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On the Nature of the Universe

Genre - Didactic Poetry

Lucretius's On the Nature of the Universe is an important example of a popular genre of ancient literature, didactic poetry. The purpose of this genre is to give instruction to the reader on various topics ranging from farming to philosophy. Lucretius's purpose is to explain Epicureanism to his readers and win them over as followers of this philosophy. Because of the scope of Lucretius's poem, which includes both the origin and dissolution of the universe, and also on account of its meter (dactylic hexameter as in the Iliad), it may be called an epic, but not in the same sense as the heroic narratives of Homer and Vergil.

Historical Background

When Lucretius wrote On the Nature of the Universe Rome was experiencing political disorder. Political strife had begun at Rome in the late second century B.C. when attempts to enact land reform met with resistance from the Roman Senate, which resulted in the violent deaths of many advocates of land reform. From this time, Roman politicians were divided into two loosely organized "parties": the Populares, Roman aristocrats who presented themselves as champions of the people, and the Optimates, aristocratic defenders of Senatorial authority. In Lucretius's own lifetime (c. 99-c. 55), an attempt by the Populares to have Roman citizenship bestowed on Rome's Italian allies was met with violence when the tribune who proposed discussion of this issue was murdered. Soon afterwards, a dispute arose between two powerful Roman generals, Marius and Sulla. Marius, who on occasion sided with the Populares and Sulla, a staunch defender of the Senate, came into conflict over an important command in the East. This strife resulted first in Sulla's taking Rome by force to obtain the command and then, after his departure to the East, the capture of Rome by Marius. Three years, later after Marius's death, Sulla upon his return again used military force to gain the upper hand at Rome. Each victory by Marius or Sulla ended in the systematic murder of their political enemies. The final victory of Sulla was marked by an especially bloody massacre of his opponents. The violent power struggle between adherents of the Populares and Optimates undermined the free Republic and its constitutional principles. As a result, the Roman Republic was in a period of decline which ended in its ultimate destruction. Lucretius presents Epicureanism to his fellow Romans as an answer to how one can live a happy life in the midst of this political chaos.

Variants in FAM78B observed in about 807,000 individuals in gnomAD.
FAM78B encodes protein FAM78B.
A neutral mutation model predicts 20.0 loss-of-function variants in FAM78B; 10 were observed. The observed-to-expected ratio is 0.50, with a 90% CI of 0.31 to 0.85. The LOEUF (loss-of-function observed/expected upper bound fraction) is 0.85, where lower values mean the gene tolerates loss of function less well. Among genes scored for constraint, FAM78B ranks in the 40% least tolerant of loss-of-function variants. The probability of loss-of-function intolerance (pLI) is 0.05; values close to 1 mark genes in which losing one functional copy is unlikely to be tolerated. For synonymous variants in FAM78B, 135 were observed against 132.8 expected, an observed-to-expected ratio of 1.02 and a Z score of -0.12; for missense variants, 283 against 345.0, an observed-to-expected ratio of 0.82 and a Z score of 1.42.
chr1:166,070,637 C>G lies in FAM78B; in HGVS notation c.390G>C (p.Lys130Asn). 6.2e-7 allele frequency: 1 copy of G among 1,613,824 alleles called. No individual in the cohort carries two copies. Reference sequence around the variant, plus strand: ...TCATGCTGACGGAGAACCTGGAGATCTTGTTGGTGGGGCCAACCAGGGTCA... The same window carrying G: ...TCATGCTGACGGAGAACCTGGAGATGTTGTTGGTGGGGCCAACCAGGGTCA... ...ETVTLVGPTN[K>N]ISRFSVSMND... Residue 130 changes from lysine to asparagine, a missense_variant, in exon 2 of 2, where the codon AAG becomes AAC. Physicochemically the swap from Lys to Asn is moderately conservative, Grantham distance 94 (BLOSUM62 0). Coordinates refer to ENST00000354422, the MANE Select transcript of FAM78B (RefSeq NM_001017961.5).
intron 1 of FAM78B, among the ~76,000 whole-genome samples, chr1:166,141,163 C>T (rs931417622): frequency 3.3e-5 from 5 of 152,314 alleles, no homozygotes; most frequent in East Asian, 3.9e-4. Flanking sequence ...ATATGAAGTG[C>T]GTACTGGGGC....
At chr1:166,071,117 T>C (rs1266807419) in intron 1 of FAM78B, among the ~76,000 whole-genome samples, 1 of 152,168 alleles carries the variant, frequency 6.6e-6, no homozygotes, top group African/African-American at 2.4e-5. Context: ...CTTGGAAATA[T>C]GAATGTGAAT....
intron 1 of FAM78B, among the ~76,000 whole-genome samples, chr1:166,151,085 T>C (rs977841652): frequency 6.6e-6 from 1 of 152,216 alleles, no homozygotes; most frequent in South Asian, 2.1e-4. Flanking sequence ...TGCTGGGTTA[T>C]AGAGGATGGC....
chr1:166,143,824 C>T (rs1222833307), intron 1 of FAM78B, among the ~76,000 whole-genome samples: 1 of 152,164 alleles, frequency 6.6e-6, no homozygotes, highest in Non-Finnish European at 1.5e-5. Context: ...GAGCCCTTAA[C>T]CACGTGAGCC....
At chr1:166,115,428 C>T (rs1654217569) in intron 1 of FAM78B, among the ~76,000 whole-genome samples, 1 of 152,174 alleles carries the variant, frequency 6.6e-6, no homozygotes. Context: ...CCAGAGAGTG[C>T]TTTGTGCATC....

Book 1.1-482
Just as Homer begins his poems with an address to the Muse, Lucretius begins his poem with an invocation to the goddess Venus, the Roman counterpart of Aphrodite. Since it is a central doctrine of Epicureanism that the gods have no involvement with men, it is clear that Lucretius is addressing Venus as a symbolic figure. Read lines 1-40 carefully, and explain what Venus represents for Lucretius.

What great service did Epicurus do for man (62-79)? What does the example of Iphianassa illustrate (80-101)? What fears ruin man's happiness (102-111)? What special problem did Lucretius have in writing a Latin poem about Greek philosophy (136-139)?